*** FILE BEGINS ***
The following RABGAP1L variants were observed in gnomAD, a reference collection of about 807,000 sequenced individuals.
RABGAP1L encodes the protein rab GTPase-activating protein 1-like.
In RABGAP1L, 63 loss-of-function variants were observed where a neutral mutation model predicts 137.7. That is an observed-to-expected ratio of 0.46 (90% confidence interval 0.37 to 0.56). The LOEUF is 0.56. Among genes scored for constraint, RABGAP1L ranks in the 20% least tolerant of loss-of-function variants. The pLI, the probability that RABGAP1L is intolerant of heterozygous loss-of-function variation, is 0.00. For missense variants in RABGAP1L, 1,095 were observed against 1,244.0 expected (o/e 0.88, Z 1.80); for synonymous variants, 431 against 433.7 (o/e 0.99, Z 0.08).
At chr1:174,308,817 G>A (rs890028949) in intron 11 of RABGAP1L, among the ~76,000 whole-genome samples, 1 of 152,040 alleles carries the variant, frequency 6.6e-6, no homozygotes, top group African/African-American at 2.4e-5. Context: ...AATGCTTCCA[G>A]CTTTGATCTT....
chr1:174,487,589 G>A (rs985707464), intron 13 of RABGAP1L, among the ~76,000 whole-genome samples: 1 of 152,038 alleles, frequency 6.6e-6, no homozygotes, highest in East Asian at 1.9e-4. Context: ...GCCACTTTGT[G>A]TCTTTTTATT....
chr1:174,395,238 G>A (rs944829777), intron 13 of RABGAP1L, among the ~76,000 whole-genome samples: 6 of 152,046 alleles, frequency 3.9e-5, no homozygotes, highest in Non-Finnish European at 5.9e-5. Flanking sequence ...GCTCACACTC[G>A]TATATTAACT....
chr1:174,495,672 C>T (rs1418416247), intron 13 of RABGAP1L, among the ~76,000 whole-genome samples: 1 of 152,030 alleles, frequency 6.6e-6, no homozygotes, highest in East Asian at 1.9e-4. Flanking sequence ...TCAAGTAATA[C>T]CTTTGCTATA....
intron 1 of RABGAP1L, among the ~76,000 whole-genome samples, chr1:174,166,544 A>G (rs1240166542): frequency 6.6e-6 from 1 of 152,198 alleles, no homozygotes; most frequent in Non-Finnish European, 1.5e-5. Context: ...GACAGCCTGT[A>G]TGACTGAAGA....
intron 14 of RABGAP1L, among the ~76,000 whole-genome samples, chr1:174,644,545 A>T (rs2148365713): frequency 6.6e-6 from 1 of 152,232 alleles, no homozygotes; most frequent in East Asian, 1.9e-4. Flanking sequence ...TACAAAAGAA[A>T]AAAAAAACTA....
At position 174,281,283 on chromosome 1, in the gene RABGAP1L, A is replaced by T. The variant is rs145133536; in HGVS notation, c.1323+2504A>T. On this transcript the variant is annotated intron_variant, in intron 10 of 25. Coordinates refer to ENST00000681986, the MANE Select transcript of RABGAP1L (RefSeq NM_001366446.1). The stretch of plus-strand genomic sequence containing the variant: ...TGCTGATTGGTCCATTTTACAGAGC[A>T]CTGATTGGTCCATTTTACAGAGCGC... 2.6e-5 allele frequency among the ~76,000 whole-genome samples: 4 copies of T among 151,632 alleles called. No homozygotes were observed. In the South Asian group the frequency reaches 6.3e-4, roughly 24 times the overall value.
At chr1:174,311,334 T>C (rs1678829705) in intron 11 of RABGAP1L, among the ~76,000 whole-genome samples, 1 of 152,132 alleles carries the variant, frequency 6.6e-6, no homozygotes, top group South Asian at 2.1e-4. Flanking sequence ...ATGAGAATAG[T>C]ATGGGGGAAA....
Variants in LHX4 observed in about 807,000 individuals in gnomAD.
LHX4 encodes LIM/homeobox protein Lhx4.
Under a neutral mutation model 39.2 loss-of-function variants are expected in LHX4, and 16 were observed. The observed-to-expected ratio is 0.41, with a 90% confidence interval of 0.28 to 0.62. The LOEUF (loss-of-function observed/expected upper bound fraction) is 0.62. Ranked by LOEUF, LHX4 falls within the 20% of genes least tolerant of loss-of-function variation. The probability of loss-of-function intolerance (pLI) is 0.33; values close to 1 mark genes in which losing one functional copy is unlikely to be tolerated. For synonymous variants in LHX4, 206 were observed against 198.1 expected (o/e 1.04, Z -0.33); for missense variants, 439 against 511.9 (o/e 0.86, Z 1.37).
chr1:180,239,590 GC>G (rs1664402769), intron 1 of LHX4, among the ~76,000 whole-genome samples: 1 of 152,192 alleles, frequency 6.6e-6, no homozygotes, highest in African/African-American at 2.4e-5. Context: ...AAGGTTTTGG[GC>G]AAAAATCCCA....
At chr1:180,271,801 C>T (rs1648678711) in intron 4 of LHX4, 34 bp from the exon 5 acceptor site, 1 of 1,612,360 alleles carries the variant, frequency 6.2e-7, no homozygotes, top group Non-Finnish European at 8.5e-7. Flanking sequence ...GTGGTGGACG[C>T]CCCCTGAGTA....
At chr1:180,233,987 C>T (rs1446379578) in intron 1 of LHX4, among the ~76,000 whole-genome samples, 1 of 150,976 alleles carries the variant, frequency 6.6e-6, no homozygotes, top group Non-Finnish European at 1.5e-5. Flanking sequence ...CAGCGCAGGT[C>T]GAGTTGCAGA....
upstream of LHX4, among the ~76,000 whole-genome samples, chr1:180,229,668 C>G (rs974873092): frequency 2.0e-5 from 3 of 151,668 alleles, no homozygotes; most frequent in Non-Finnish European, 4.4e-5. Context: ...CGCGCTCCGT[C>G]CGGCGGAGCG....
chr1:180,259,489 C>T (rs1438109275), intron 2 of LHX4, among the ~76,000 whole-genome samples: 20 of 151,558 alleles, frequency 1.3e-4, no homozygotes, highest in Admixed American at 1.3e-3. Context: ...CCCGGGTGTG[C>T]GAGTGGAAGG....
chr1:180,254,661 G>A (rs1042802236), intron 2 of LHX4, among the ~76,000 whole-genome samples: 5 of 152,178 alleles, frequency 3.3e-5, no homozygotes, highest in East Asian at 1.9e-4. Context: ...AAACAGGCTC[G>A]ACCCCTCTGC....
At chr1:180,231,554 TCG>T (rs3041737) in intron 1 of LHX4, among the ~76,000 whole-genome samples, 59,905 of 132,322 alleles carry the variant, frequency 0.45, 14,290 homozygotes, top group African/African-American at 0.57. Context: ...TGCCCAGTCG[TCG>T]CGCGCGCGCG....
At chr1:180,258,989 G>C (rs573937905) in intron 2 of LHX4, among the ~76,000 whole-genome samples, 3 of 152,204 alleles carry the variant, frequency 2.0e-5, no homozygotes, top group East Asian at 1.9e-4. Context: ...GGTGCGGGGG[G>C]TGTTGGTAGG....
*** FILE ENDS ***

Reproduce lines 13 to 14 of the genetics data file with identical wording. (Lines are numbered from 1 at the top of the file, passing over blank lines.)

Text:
LHX4 encodes LIM/homeobox protein Lhx4.
Under a neutral mutation model 39.2 loss-of-function variants are expected in LHX4, and 16 were observed. The observed-to-expected ratio is 0.41, with a 90% confidence interval of 0.28 to 0.62. The LOEUF (loss-of-function observed/expected upper bound fraction) is 0.62. Ranked by LOEUF, LHX4 falls within the 20% of genes least tolerant of loss-of-function variation. The probability of loss-of-function intolerance (pLI) is 0.33; values close to 1 mark genes in which losing one functional copy is unlikely to be tolerated. For synonymous variants in LHX4, 206 were observed against 198.1 expected (o/e 1.04, Z -0.33); for missense variants, 439 against 511.9 (o/e 0.86, Z 1.37).